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  • Konrad Gwozdz

Aesthetic

Zaktualizowano: sty 5

    According to TATE, aesthetic is the branch of philosophy of art that examines, interprets and evaluates the nature of beauty and taste associated with a specific object.

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    A sense of aesthetic is subjective and is often an area of discussion and debate. The Greek philosopher Aristotle believed that beauty came from function and proportion. The Earl of Shaftesbury proclaimed in the 18th century that goodness and beauty were one and the same. ​

    The modern concept of aesthetics has been evolving since 1735, when the German philosopher Alexander Baumgarten asked the question what beauty really is, and when presenting his thought process, he used the word "aesthetic" to describe that something is beautiful or ugly, and how we make such judgments.

    When writing his Critique of Judgment, Immanuel Kant, a philosopher of the Age of Enlightenment, attempted to explain what aesthetic is. Analysing beauty, taste and sublime he concluded that there is no scientific rule for what beauty is because it is subjective and depends on the beholder (TATE).​

In photography, aesthetic influences the essence of an image and determines how viewers react to it by using formal elements of photography, including: composition (the rule of thirds ), line, tone, scale, perspective, light, pattern, form and shape.​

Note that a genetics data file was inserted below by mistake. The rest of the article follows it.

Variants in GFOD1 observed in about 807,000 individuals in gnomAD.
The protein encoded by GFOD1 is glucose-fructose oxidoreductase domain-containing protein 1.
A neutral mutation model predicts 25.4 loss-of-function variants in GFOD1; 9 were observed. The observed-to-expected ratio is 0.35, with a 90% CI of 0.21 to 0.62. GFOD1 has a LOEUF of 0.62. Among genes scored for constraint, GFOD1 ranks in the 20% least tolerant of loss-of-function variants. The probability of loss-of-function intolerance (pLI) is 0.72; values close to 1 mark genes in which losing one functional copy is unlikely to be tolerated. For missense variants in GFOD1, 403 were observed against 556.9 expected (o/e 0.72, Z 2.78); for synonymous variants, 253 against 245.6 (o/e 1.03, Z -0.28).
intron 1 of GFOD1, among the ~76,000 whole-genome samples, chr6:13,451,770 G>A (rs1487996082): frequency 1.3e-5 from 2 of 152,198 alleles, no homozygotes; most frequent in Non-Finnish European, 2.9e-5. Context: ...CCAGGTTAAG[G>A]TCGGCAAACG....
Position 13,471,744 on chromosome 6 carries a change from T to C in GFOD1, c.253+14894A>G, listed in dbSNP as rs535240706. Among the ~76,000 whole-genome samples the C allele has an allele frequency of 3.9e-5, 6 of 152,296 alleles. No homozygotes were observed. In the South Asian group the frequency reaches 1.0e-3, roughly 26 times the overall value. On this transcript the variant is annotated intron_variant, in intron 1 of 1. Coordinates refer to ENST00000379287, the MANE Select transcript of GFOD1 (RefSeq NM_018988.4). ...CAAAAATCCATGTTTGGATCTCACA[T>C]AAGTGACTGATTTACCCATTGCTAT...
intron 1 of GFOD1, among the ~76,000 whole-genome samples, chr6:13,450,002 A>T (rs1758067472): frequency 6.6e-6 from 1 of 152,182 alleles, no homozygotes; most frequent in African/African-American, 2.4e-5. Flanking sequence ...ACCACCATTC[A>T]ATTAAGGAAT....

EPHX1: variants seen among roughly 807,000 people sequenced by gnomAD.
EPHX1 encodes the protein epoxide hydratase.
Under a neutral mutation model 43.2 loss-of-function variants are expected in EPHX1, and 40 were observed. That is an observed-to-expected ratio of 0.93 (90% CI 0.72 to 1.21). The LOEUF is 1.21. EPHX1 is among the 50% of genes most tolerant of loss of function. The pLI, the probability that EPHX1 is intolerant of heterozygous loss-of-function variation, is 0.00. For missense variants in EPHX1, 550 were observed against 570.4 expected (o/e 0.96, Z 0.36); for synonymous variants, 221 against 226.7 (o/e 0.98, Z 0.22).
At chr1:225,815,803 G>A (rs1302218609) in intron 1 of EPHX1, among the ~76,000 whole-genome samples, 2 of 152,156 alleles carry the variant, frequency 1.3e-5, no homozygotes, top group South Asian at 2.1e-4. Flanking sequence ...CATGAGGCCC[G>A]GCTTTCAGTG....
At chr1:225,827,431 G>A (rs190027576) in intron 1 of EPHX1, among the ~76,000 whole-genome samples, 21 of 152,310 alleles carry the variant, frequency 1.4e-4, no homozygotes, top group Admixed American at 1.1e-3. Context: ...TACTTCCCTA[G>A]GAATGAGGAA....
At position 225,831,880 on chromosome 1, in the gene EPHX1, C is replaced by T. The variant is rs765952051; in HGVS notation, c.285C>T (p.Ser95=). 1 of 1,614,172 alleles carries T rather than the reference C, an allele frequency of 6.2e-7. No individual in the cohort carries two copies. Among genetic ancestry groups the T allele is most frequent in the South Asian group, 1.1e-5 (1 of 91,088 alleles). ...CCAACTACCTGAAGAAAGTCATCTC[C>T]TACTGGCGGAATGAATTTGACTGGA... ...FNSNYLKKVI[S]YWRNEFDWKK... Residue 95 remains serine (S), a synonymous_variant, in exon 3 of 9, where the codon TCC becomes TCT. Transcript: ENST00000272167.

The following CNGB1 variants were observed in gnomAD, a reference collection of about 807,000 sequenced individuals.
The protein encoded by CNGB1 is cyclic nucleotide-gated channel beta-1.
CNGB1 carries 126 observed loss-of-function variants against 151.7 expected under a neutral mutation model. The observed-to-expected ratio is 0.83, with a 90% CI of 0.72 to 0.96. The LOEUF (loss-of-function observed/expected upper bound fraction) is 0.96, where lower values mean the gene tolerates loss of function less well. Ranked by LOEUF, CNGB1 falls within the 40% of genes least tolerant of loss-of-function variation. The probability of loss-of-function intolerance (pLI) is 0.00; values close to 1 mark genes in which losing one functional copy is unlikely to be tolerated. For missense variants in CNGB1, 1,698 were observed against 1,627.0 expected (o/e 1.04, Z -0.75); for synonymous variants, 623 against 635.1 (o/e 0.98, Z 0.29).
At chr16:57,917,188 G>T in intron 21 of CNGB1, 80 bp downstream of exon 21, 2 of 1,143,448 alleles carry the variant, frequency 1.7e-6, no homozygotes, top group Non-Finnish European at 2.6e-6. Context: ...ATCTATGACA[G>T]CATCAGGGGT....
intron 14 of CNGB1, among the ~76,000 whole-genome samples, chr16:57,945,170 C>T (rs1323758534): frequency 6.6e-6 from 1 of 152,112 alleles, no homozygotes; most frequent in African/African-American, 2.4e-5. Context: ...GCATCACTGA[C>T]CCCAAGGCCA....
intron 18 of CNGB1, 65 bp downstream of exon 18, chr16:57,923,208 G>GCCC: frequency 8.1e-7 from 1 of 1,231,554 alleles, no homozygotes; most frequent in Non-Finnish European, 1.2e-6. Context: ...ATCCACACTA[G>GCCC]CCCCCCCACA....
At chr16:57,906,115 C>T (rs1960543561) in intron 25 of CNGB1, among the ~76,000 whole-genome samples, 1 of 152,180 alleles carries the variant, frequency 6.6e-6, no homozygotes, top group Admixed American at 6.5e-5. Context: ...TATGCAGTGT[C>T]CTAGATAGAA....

• Colours (different colours affect diversification feelings and emotions).​

  • Subject (the chosen subject is usually the most powerful part of the photo and catches the viewer's attention).​

  • Contrast (a high-contrast image tends to elicit a more intense emotional response than a low-contrast image and builds the drama of photography).​

  • Lighting ( Front lighting minimizes form and create a flat-looking subject. Side lighting improves the depth in photography. Backlighting creates a silhouette).​

  • Exposure (Skilful underexposure of an image can create an unearthly atmosphere. Darkness in the Rembrandt lighting pattern intentionally extinguishes unnecessary elements by directing the viewer's attention to a specific area, leaving a small amount of amazing light. Overexposure, on the other hand, can create a surreal image).​

  • Depth of field (The character of the image is also created by the selection of the field of focus - sharp areas, richer in detail are the first to attract attention, while areas out of focus tend to move away and serve to hide unwanted elements. (Palad).


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